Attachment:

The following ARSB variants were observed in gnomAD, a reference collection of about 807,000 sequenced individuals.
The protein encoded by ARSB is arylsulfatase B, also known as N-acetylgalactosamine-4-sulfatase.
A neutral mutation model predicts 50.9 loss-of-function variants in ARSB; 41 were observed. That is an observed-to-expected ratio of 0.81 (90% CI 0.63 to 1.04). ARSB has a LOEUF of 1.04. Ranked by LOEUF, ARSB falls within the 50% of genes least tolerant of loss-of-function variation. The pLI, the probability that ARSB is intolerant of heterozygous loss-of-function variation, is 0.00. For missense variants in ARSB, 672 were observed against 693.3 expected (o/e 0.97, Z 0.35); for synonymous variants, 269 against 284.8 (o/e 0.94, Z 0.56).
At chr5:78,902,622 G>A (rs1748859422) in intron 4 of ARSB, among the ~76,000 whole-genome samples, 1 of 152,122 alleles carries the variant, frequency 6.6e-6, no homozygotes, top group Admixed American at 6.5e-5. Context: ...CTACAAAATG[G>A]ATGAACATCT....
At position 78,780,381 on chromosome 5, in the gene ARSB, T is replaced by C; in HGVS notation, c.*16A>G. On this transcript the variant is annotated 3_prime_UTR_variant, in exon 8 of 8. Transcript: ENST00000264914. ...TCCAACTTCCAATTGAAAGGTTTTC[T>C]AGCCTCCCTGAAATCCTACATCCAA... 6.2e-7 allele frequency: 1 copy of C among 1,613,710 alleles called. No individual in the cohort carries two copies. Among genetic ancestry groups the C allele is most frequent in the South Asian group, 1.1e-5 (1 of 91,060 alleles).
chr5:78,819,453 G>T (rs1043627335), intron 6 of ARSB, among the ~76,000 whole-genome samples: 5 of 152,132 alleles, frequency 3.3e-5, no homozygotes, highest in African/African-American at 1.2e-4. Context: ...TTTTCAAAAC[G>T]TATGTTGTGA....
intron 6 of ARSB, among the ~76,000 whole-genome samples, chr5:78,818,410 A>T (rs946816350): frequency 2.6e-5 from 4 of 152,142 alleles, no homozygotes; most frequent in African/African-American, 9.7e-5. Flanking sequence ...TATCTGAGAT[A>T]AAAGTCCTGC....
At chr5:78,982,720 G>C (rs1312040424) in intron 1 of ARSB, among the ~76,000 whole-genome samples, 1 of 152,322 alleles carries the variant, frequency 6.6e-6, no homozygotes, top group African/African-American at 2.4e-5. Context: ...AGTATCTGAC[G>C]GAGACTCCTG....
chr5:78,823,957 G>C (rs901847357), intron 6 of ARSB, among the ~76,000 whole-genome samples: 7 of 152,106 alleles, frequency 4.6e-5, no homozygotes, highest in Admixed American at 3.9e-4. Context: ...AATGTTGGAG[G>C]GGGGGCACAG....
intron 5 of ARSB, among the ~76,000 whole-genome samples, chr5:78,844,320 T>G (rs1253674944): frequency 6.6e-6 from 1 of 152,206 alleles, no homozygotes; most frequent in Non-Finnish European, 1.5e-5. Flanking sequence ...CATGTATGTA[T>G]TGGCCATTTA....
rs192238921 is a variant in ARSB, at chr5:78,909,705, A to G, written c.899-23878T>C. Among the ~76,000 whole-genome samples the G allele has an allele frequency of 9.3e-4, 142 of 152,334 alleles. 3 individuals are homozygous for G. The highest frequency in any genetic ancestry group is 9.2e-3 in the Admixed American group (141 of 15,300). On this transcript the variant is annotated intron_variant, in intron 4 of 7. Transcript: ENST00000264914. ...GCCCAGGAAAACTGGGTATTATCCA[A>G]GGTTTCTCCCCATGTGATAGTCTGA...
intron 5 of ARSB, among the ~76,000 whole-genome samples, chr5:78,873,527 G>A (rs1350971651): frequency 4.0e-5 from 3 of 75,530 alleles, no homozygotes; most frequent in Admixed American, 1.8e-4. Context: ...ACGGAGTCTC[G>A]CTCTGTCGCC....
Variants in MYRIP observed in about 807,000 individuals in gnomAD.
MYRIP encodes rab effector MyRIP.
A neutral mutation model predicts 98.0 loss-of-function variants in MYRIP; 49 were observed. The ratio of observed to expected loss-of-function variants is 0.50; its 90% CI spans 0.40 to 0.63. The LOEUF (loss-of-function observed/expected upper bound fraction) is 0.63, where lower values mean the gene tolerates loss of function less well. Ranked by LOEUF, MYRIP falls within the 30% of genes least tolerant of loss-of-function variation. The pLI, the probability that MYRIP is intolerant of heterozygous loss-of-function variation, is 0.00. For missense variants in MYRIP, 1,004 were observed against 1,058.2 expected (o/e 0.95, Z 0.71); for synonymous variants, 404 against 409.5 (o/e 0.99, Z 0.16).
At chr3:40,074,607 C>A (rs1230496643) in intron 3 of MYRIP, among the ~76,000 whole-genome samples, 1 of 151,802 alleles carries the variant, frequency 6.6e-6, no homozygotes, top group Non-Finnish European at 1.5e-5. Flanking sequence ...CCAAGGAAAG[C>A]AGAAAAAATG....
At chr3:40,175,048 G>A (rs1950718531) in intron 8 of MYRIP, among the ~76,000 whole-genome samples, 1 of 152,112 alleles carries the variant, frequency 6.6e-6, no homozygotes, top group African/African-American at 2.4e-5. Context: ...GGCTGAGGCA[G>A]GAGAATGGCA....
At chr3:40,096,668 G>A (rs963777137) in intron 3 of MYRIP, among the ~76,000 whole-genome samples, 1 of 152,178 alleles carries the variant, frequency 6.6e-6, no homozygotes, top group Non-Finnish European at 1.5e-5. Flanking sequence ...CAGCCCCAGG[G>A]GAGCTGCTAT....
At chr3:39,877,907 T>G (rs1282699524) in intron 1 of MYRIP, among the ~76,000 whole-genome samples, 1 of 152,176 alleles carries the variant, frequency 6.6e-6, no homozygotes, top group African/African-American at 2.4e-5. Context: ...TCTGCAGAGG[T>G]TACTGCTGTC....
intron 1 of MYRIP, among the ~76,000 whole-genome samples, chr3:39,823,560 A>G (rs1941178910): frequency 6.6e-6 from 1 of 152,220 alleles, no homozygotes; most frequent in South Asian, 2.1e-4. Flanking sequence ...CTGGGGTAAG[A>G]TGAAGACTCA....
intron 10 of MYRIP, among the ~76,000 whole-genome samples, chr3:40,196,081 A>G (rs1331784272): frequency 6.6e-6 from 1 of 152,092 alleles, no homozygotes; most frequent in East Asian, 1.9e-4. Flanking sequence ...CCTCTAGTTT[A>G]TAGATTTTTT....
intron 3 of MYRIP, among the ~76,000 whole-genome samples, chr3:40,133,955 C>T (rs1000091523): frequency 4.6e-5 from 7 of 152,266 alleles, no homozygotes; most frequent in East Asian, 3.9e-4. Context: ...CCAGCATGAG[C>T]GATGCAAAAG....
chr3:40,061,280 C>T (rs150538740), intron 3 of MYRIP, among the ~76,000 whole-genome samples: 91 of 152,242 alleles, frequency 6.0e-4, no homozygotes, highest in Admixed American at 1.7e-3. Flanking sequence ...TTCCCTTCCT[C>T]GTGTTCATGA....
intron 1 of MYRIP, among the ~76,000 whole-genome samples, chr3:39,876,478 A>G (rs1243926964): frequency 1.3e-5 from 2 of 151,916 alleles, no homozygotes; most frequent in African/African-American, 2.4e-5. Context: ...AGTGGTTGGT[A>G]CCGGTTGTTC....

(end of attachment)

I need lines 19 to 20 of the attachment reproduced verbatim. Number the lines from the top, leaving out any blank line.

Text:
At chr3:39,877,907 T>G (rs1282699524) in intron 1 of MYRIP, among the ~76,000 whole-genome samples, 1 of 152,176 alleles carries the variant, frequency 6.6e-6, no homozygotes, top group African/African-American at 2.4e-5. Context: ...TCTGCAGAGG[T>G]TACTGCTGTC....
intron 1 of MYRIP, among the ~76,000 whole-genome samples, chr3:39,823,560 A>G (rs1941178910): frequency 6.6e-6 from 1 of 152,220 alleles, no homozygotes; most frequent in South Asian, 2.1e-4. Flanking sequence ...CTGGGGTAAG[A>G]TGAAGACTCA....